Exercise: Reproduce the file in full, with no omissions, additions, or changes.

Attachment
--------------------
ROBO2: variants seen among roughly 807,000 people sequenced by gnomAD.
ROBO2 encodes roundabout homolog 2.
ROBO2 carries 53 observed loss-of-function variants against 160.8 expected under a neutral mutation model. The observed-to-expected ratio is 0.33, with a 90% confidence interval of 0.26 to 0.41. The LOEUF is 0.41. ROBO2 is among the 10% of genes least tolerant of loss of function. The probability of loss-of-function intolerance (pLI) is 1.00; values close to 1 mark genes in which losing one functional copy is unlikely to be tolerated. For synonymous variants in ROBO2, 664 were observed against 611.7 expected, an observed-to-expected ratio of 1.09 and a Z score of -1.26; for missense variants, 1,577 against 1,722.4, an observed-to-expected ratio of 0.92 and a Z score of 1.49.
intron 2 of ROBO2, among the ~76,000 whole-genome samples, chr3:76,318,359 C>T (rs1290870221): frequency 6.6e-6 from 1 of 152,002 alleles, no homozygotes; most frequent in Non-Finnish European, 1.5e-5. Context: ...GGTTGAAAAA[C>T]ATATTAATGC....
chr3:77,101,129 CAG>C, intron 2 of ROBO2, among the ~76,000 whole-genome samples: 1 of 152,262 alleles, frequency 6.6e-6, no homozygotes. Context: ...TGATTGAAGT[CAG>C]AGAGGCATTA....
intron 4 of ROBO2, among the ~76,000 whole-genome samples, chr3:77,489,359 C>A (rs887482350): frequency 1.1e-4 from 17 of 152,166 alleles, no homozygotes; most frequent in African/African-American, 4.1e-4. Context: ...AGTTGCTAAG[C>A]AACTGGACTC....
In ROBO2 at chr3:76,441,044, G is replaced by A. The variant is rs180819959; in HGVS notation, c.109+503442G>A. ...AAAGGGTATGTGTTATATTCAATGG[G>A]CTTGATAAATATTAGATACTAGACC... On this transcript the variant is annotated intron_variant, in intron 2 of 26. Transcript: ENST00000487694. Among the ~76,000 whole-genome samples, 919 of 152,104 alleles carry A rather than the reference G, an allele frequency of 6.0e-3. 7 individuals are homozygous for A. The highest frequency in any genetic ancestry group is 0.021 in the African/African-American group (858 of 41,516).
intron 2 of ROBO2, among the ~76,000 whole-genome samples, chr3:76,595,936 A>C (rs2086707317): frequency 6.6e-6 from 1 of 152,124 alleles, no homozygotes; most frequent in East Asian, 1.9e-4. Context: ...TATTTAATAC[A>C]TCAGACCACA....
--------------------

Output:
ROBO2: variants seen among roughly 807,000 people sequenced by gnomAD.
ROBO2 encodes roundabout homolog 2.
ROBO2 carries 53 observed loss-of-function variants against 160.8 expected under a neutral mutation model. The observed-to-expected ratio is 0.33, with a 90% confidence interval of 0.26 to 0.41. The LOEUF is 0.41. ROBO2 is among the 10% of genes least tolerant of loss of function. The probability of loss-of-function intolerance (pLI) is 1.00; values close to 1 mark genes in which losing one functional copy is unlikely to be tolerated. For synonymous variants in ROBO2, 664 were observed against 611.7 expected, an observed-to-expected ratio of 1.09 and a Z score of -1.26; for missense variants, 1,577 against 1,722.4, an observed-to-expected ratio of 0.92 and a Z score of 1.49.
intron 2 of ROBO2, among the ~76,000 whole-genome samples, chr3:76,318,359 C>T (rs1290870221): frequency 6.6e-6 from 1 of 152,002 alleles, no homozygotes; most frequent in Non-Finnish European, 1.5e-5. Context: ...GGTTGAAAAA[C>T]ATATTAATGC....
chr3:77,101,129 CAG>C, intron 2 of ROBO2, among the ~76,000 whole-genome samples: 1 of 152,262 alleles, frequency 6.6e-6, no homozygotes. Context: ...TGATTGAAGT[CAG>C]AGAGGCATTA....
intron 4 of ROBO2, among the ~76,000 whole-genome samples, chr3:77,489,359 C>A (rs887482350): frequency 1.1e-4 from 17 of 152,166 alleles, no homozygotes; most frequent in African/African-American, 4.1e-4. Context: ...AGTTGCTAAG[C>A]AACTGGACTC....
In ROBO2 at chr3:76,441,044, G is replaced by A. The variant is rs180819959; in HGVS notation, c.109+503442G>A. ...AAAGGGTATGTGTTATATTCAATGG[G>A]CTTGATAAATATTAGATACTAGACC... On this transcript the variant is annotated intron_variant, in intron 2 of 26. Transcript: ENST00000487694. Among the ~76,000 whole-genome samples, 919 of 152,104 alleles carry A rather than the reference G, an allele frequency of 6.0e-3. 7 individuals are homozygous for A. The highest frequency in any genetic ancestry group is 0.021 in the African/African-American group (858 of 41,516).
intron 2 of ROBO2, among the ~76,000 whole-genome samples, chr3:76,595,936 A>C (rs2086707317): frequency 6.6e-6 from 1 of 152,124 alleles, no homozygotes; most frequent in East Asian, 1.9e-4. Context: ...TATTTAATAC[A>C]TCAGACCACA....